National / Sports / January 20, 2010

In defense of the DH

In years past, the scourges of baseball society have assailed the White Sox for their offensive style. Seemingly against the wishes of their own manager, the White Sox have done one thing consistently — hit home runs. And while that may sound nice and logical to you and me — or anyone who has a cursory knowledge of baseball — manager Ozzie Guillen has not been pleased.

Often citing his experiences with the 2003 Florida Marlins and 2005 White Sox, Guillen has long longed for a more versatile and balanced offense (his terms; I shall refer to this style as punch — or pointless). Because of this, it appears the White Sox will not have a traditional designated hitter on the 2010 roster. Of course, that may change, as pitchers and catchers don’t report for more than a month, but at the moment it appears to be the chosen course of action.

Despite the supposed baseball acumen of Guillen and General Manager Kenny Williams, the White Sox are acting in a manner counterproductive to, well, success. Although Guillen played the majority of his career in the American League, he seems fixated on the notion of a National League style offense, that being one that bunts and hits to the right side and executes the occasional hit-and-run.

Sabermetric research has debunked most of these theories — therefore, I will not elaborate on this point, but if you’re in need of clarification, either come find me, e-mail me, or check out Baseball Between the Numbers. Still, Guillen is not swayed.

For many years he has lamented the presence of slow-footed players such as Paul Konerko, Jim Thome and Jermaine Dye. In order to please Guillen, it appears Williams has subscribed to the notion of a “rotating DH,” that being a utilization of the position that allows for players to DH when in need of rest.

Such a strategy would make sense if the White Sox were blessed with a roster overflowing with above average, or even adequate hitters, but such is not the case. Their bench consists of options like Omar Vizquel, Andruw Jones and Mark Kotsay. Jones may perform as the right-handed member of a platoon, but his disappearance in the second half of 2009 portends doom for 2010.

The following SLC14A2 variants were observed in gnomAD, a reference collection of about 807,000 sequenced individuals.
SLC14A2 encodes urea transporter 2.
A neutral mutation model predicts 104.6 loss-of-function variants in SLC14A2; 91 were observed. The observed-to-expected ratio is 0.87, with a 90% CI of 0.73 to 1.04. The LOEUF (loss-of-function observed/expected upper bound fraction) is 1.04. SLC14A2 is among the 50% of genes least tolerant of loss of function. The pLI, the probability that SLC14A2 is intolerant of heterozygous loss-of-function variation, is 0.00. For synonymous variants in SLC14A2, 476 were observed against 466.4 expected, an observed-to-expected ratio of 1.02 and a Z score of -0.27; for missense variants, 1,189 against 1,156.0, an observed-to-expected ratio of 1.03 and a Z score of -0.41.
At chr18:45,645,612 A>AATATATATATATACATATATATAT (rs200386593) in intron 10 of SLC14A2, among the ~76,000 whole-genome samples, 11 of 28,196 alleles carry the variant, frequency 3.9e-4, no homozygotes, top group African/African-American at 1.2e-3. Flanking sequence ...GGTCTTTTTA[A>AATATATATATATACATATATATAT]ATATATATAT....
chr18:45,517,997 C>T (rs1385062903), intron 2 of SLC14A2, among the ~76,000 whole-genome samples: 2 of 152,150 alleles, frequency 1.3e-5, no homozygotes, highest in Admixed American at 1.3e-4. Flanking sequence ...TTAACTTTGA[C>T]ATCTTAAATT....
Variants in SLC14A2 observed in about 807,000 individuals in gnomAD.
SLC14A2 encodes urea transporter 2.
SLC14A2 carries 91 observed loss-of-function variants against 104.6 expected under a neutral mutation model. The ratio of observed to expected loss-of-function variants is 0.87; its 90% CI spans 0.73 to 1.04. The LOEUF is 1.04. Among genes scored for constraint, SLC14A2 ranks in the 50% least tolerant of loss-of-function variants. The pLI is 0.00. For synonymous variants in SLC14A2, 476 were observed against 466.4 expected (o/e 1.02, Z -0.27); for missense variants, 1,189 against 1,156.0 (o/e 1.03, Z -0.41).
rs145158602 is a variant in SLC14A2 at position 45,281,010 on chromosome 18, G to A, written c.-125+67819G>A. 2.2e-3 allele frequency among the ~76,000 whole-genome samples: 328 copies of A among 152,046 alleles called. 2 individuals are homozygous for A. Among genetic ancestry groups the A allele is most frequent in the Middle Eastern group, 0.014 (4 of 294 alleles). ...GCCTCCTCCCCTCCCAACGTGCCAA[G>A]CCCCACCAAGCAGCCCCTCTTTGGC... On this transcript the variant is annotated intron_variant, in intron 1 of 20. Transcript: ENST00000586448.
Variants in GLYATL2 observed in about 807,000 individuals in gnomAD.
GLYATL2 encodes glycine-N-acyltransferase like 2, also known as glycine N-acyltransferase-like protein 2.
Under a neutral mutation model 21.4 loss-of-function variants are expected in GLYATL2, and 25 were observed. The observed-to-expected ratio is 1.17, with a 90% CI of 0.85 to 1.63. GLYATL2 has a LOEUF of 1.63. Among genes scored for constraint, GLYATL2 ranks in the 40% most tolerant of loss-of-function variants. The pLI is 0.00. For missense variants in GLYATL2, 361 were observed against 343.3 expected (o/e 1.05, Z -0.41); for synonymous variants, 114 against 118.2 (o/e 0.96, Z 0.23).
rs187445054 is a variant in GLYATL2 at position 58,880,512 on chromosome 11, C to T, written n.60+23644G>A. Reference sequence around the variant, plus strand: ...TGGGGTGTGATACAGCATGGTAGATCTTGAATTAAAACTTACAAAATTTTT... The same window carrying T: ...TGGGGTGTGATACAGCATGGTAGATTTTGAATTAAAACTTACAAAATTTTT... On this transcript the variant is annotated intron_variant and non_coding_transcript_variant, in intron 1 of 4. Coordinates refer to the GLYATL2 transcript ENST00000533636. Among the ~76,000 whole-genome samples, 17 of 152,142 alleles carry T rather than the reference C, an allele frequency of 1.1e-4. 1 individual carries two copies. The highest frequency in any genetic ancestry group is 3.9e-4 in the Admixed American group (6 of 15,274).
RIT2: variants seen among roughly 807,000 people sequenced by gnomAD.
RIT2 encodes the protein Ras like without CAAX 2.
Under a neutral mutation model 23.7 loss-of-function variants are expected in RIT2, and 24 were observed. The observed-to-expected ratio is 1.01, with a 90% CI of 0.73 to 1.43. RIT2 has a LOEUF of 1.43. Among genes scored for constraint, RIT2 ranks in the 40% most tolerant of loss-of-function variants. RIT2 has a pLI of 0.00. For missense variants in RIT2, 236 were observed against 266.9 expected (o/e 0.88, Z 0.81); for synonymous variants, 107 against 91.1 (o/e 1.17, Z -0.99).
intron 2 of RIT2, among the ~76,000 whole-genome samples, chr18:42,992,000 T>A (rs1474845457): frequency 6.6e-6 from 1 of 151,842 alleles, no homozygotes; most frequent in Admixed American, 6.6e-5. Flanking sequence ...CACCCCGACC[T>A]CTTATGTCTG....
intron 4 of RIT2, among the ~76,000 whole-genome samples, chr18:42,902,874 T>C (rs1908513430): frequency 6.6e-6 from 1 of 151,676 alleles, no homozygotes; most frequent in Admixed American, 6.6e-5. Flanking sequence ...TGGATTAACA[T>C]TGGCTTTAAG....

Vizquel and Kotsay have some utility as bench players — though their salaries are incredibly inflated by, I don’t know, stupidity or something — but would not be a disaster at DH. But Guillen remains convinced that a traditional DH would sink the Sox’s chances.

It is not as though there is a dearth of designated hitters on the market; Johnny Damon, Jim Thome and Carlos Delgado remain unsigned, and each could fill the position. As mentioned before, the White Sox just don’t think they need a power, on-base percentage oriented player. Still hung-over from a World Series run in 2005 that featured Carl Everett at the position, the Sox front office insists they can succeed in spite of the DH situation.

But this is not 2005. The defense is not nearly as sound. Konerko is much older, as are A.J. Pierzynski, Mark Buehrle and Bobby Jenks. Additionally, building a team in the vein of a past champion is almost always dangerous business, as the formula for winning often includes a great deal of luck. As I’ve mentioned in this copy-space before, the 2005 White Sox were remarkably lucky: Cliff Politte, Damaso Marte, Neal Cotts, Bobby Jenks, Dustin Hermanson and Luis Vizcaino formed one of the best bullpens in baseball — one of the primary reasons for the White Sox’s success in spite of a depleted, average offense.

Like 2005, the media has reasonably low expectations for the White Sox. Unlike those who would prefer the media underestimate their favorite team, I’d like to follow the formula of the 2009 World Champion New York Yankees: guys who can pitch, guys who can field, and guys who can hit the ever-loving shit out of the ball. Now that’s a winning formula.

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Kevin Morris

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